Governance of Digital Game Environments and Cultural Diversity

Governance of Digital Game Environments and Cultural Diversity

Transdisciplinary Enquiries

Edited by Christoph Beat Graber and Mira Burri-Nenova

This innovative book provides transdisciplinary analyses of the nature and dynamics of digital game environments whilst tackling the existing fragmentation of academic research.

Chapter 4: The Concept and Conditions of Governance in Massively Multiplayer Online Games

Sal Humphreys

Subjects: law - academic, internet and technology law, regulation and governance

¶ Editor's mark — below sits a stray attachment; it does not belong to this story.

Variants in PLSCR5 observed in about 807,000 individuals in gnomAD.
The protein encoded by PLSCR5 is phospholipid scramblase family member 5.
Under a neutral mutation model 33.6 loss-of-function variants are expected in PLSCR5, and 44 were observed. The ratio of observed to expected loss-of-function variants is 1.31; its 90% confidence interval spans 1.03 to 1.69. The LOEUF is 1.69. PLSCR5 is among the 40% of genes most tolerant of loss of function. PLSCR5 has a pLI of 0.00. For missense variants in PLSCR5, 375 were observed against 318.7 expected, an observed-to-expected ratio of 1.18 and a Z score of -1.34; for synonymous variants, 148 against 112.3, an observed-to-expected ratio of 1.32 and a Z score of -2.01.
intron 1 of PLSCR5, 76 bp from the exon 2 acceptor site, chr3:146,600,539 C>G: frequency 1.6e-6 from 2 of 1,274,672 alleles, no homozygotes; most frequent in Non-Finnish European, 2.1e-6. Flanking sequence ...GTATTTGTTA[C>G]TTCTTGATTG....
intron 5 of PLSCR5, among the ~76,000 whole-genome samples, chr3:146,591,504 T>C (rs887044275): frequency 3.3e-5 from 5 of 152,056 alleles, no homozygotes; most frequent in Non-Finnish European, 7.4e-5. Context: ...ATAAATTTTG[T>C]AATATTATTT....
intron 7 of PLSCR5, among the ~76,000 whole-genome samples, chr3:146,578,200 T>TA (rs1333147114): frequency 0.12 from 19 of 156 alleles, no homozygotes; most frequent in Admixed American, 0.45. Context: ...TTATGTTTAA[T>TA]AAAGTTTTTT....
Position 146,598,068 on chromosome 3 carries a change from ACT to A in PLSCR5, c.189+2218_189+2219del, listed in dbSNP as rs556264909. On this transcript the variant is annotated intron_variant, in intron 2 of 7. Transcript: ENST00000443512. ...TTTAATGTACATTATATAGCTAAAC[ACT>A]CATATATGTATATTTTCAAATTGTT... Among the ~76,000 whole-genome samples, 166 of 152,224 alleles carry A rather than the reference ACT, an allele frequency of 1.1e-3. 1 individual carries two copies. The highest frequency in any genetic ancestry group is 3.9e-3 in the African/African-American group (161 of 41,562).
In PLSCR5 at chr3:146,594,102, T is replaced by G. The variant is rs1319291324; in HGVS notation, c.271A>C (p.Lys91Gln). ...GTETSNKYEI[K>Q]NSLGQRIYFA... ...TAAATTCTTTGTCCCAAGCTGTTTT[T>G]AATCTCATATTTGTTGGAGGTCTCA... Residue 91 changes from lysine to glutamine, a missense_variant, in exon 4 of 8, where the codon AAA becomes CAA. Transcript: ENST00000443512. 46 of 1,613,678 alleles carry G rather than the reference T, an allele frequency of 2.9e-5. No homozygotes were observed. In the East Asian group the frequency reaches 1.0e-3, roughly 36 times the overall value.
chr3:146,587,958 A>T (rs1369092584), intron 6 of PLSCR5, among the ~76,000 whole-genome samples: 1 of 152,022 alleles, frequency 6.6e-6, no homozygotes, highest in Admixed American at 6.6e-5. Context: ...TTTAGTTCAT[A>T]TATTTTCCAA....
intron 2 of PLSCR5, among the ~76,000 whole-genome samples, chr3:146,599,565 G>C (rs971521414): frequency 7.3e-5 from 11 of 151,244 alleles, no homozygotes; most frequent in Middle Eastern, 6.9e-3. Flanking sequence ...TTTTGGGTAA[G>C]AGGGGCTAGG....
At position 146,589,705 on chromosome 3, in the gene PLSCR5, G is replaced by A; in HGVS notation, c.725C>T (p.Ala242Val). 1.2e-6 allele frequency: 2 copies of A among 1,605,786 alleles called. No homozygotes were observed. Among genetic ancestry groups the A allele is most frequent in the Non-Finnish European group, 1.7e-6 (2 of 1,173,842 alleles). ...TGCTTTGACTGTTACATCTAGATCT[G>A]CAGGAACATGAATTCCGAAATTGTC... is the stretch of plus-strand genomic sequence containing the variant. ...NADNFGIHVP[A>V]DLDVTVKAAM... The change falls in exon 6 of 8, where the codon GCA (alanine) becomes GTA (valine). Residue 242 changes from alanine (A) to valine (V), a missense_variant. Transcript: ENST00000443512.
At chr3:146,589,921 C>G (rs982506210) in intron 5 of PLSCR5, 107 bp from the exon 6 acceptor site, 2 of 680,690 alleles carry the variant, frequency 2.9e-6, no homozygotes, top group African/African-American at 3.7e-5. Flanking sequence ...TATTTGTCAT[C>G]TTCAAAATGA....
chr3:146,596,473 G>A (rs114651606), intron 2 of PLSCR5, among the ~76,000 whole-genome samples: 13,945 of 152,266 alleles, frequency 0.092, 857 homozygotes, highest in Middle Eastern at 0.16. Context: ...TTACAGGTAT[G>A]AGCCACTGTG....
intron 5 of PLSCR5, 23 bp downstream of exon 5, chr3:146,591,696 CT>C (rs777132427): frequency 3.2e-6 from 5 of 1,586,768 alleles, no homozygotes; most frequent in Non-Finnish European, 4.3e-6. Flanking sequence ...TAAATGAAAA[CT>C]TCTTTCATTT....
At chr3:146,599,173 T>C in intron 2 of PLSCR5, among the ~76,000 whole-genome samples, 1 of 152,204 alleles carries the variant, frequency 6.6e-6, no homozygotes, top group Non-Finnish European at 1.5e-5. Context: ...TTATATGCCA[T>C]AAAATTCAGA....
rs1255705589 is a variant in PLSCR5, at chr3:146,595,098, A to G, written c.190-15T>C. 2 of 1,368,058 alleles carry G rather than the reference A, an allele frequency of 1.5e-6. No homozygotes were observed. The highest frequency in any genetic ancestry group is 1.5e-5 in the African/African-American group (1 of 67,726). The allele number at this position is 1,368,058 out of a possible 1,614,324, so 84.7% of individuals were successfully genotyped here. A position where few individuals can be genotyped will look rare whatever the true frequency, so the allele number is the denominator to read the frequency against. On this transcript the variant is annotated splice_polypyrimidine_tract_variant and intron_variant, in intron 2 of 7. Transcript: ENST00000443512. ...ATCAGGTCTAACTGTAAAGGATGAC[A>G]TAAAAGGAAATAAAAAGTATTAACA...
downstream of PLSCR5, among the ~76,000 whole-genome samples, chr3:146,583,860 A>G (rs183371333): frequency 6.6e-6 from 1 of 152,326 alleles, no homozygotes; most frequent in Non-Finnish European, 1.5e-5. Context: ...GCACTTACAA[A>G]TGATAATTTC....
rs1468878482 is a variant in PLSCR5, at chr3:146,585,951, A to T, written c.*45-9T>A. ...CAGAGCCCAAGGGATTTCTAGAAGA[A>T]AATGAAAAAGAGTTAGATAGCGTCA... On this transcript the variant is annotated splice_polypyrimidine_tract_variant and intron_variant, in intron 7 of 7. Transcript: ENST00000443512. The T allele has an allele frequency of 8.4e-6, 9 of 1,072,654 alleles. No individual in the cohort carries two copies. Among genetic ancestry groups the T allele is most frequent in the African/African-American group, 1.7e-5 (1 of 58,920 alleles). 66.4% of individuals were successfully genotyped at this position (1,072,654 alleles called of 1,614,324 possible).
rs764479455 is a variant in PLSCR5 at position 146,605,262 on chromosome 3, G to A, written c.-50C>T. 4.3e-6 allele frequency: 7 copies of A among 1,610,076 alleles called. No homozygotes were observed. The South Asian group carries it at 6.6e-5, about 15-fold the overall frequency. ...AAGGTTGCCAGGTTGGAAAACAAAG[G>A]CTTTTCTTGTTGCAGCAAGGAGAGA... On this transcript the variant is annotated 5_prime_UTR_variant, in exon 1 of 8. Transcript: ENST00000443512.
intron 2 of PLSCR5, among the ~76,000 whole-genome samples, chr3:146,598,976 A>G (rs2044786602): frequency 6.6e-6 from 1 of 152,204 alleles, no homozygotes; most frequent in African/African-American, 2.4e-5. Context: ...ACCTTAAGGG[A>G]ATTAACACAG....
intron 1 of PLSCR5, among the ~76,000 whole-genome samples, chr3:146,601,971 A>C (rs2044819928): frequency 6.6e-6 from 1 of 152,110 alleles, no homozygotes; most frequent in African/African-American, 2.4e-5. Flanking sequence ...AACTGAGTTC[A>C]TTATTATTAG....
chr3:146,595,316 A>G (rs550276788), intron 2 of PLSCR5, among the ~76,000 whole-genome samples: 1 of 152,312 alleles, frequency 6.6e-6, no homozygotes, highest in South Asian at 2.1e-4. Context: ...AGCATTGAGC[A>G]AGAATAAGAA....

Sal Humphreys* INTRODUCTION This chapter is about governance in massively multiplayer online games (MMOGs). It explores a number of areas where tactics of control are mobilised – by developers in the design process, by publishers through community management and legal practices and by players in their participatory behaviour. In the field of online media studies the concepts of convergence and participatory media have become commonplace, but the ways in which the practices associated with them are reorganising and shaping social and economic relations have not yet been fully explored. MMOGs are engaging social media that are growing in popularity and significance. They are exemplary online applications – social, commercial environments that are fun and often profitable. They represent a convergence of more than just technologies. They are both media product and media service. Participants not only buy the game, but also pay subscription fees to gain continuous access to the game world.1 Publishers not only manage the intellectual property of their product(s) but also the ongoing community relations within the virtual worlds they maintain. Production is not completed at launch, but is a continuous process, with content produced by players as well as by paid developers, and with social networks generated by players becoming a source of economic value. * Thanks to the Faculty of Creative Industries, Queensland University of Technology for supporting the research for this chapter and to Dr Deb King of Flinders University for valuable feedback. 1 Some MMOGs operate under different business models, for instance offering free access...

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